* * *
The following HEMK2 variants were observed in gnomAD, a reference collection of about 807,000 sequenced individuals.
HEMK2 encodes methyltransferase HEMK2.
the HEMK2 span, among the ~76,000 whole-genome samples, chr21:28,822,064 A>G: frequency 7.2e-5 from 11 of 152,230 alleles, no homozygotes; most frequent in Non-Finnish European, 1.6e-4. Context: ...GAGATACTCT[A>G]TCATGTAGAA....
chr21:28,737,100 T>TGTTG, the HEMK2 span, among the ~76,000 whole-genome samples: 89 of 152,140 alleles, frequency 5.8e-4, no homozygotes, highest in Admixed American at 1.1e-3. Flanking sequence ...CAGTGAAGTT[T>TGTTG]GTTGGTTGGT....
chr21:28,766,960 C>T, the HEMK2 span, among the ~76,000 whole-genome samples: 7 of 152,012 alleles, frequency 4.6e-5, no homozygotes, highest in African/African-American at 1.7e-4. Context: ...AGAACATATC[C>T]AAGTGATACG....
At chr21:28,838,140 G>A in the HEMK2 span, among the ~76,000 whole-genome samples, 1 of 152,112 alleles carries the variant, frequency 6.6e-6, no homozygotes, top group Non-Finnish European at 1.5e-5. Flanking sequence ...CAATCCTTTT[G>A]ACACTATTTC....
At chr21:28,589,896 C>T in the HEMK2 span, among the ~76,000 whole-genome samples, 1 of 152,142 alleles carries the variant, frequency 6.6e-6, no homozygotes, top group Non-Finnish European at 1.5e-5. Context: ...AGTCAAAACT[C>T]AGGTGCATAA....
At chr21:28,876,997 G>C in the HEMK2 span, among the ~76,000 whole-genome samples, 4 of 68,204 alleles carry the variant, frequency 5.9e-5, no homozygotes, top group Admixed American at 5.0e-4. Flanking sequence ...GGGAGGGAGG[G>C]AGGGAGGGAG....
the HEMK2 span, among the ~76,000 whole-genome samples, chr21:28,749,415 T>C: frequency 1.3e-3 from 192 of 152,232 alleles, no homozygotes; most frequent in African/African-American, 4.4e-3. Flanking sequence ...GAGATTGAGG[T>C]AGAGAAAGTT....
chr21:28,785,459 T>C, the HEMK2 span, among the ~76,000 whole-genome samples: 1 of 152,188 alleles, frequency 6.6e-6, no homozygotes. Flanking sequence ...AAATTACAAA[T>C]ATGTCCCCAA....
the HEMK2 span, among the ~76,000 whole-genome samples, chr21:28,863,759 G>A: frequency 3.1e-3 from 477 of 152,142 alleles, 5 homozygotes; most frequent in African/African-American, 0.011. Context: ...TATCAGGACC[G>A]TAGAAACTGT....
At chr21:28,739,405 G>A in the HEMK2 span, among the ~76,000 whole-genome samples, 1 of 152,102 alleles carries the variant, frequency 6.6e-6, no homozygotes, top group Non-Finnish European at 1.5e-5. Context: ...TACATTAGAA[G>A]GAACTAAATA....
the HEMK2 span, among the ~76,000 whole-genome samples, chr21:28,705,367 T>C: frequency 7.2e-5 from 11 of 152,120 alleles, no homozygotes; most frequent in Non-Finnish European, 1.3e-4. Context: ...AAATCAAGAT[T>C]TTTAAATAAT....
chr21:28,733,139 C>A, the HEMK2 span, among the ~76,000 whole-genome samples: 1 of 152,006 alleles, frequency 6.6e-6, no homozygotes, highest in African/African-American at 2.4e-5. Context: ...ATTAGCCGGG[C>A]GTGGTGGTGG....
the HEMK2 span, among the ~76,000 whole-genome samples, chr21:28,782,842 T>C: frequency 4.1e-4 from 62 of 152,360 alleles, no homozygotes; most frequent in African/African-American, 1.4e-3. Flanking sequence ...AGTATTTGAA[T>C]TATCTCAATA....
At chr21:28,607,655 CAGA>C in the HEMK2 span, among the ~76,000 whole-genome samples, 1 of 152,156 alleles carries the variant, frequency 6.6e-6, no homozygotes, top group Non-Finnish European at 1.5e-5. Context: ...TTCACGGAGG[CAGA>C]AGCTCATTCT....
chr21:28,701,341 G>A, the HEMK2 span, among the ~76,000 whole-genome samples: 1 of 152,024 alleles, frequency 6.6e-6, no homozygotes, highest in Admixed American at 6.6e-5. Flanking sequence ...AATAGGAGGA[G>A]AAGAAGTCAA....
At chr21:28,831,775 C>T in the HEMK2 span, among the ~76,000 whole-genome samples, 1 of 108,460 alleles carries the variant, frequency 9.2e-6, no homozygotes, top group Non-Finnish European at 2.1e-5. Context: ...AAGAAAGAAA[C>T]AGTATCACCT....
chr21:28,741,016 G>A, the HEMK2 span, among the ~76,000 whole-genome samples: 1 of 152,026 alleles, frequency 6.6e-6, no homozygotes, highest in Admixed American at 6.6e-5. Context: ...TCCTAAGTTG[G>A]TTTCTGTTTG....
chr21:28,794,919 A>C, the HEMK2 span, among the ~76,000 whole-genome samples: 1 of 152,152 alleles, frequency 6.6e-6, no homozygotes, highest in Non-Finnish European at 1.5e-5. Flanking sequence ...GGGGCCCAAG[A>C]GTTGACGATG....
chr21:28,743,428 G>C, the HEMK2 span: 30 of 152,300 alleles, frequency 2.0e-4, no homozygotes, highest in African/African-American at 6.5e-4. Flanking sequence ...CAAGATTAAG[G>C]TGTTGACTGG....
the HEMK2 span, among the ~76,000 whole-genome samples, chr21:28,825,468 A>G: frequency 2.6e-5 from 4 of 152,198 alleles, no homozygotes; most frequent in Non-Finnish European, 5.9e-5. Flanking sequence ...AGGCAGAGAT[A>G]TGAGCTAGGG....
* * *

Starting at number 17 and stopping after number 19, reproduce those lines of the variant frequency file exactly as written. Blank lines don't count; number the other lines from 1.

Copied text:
chr21:28,701,341 G>A, the HEMK2 span, among the ~76,000 whole-genome samples: 1 of 152,024 alleles, frequency 6.6e-6, no homozygotes, highest in Admixed American at 6.6e-5. Flanking sequence ...AATAGGAGGA[G>A]AAGAAGTCAA....
At chr21:28,831,775 C>T in the HEMK2 span, among the ~76,000 whole-genome samples, 1 of 108,460 alleles carries the variant, frequency 9.2e-6, no homozygotes, top group Non-Finnish European at 2.1e-5. Context: ...AAGAAAGAAA[C>T]AGTATCACCT....
chr21:28,741,016 G>A, the HEMK2 span, among the ~76,000 whole-genome samples: 1 of 152,026 alleles, frequency 6.6e-6, no homozygotes, highest in Admixed American at 6.6e-5. Context: ...TCCTAAGTTG[G>A]TTTCTGTTTG....